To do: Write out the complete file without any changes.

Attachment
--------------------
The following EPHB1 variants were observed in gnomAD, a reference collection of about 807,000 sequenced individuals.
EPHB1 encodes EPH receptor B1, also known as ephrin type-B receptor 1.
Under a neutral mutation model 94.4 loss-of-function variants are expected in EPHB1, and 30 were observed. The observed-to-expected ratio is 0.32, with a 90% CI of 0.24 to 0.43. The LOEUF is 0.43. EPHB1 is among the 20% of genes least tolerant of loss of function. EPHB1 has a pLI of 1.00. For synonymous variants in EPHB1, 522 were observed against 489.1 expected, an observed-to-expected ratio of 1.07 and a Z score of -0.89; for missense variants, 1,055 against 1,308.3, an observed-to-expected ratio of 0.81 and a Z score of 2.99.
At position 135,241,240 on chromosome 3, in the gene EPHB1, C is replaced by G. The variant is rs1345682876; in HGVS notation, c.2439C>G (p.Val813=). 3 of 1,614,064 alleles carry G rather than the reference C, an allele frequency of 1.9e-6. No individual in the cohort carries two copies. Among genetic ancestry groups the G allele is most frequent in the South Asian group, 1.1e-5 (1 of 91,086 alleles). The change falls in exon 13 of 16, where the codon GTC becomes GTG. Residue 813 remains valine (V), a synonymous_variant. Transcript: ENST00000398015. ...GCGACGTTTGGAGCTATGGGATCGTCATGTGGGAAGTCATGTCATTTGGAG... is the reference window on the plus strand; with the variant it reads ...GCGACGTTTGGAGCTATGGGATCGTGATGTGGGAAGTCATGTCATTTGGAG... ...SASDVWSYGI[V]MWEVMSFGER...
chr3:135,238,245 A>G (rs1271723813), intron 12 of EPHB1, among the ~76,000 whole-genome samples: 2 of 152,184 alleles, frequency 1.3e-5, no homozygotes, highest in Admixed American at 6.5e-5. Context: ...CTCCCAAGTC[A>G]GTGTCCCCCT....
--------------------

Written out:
The following EPHB1 variants were observed in gnomAD, a reference collection of about 807,000 sequenced individuals.
EPHB1 encodes EPH receptor B1, also known as ephrin type-B receptor 1.
Under a neutral mutation model 94.4 loss-of-function variants are expected in EPHB1, and 30 were observed. The observed-to-expected ratio is 0.32, with a 90% CI of 0.24 to 0.43. The LOEUF is 0.43. EPHB1 is among the 20% of genes least tolerant of loss of function. EPHB1 has a pLI of 1.00. For synonymous variants in EPHB1, 522 were observed against 489.1 expected, an observed-to-expected ratio of 1.07 and a Z score of -0.89; for missense variants, 1,055 against 1,308.3, an observed-to-expected ratio of 0.81 and a Z score of 2.99.
At position 135,241,240 on chromosome 3, in the gene EPHB1, C is replaced by G. The variant is rs1345682876; in HGVS notation, c.2439C>G (p.Val813=). 3 of 1,614,064 alleles carry G rather than the reference C, an allele frequency of 1.9e-6. No individual in the cohort carries two copies. Among genetic ancestry groups the G allele is most frequent in the South Asian group, 1.1e-5 (1 of 91,086 alleles). The change falls in exon 13 of 16, where the codon GTC becomes GTG. Residue 813 remains valine (V), a synonymous_variant. Transcript: ENST00000398015. ...GCGACGTTTGGAGCTATGGGATCGTCATGTGGGAAGTCATGTCATTTGGAG... is the reference window on the plus strand; with the variant it reads ...GCGACGTTTGGAGCTATGGGATCGTGATGTGGGAAGTCATGTCATTTGGAG... ...SASDVWSYGI[V]MWEVMSFGER...
chr3:135,238,245 A>G (rs1271723813), intron 12 of EPHB1, among the ~76,000 whole-genome samples: 2 of 152,184 alleles, frequency 1.3e-5, no homozygotes, highest in Admixed American at 6.5e-5. Context: ...CTCCCAAGTC[A>G]GTGTCCCCCT....